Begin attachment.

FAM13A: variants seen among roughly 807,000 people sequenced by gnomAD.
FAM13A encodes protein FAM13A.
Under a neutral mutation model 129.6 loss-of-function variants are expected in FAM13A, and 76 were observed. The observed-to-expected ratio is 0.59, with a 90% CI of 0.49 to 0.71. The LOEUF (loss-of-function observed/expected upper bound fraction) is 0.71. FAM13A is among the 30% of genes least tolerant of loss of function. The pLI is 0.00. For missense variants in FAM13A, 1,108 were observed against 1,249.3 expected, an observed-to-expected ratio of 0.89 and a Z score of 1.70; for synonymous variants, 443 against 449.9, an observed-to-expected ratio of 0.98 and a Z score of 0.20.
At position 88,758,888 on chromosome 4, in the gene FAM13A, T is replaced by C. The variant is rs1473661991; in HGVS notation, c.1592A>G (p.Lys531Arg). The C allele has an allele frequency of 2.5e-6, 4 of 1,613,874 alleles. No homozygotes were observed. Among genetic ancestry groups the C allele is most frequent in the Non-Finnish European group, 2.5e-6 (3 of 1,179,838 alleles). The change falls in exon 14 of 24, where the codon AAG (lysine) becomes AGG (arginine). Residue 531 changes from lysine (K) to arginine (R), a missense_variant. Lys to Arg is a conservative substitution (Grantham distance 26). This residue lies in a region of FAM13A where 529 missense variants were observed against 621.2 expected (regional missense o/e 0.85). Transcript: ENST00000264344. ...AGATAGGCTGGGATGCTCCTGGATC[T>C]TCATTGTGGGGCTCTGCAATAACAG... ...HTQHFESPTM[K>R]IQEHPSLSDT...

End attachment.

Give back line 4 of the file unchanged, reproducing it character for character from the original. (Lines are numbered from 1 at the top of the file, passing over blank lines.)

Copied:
At position 88,758,888 on chromosome 4, in the gene FAM13A, T is replaced by C. The variant is rs1473661991; in HGVS notation, c.1592A>G (p.Lys531Arg). The C allele has an allele frequency of 2.5e-6, 4 of 1,613,874 alleles. No homozygotes were observed. Among genetic ancestry groups the C allele is most frequent in the Non-Finnish European group, 2.5e-6 (3 of 1,179,838 alleles). The change falls in exon 14 of 24, where the codon AAG (lysine) becomes AGG (arginine). Residue 531 changes from lysine (K) to arginine (R), a missense_variant. Lys to Arg is a conservative substitution (Grantham distance 26). This residue lies in a region of FAM13A where 529 missense variants were observed against 621.2 expected (regional missense o/e 0.85). Transcript: ENST00000264344. ...AGATAGGCTGGGATGCTCCTGGATC[T>C]TCATTGTGGGGCTCTGCAATAACAG... ...HTQHFESPTM[K>R]IQEHPSLSDT...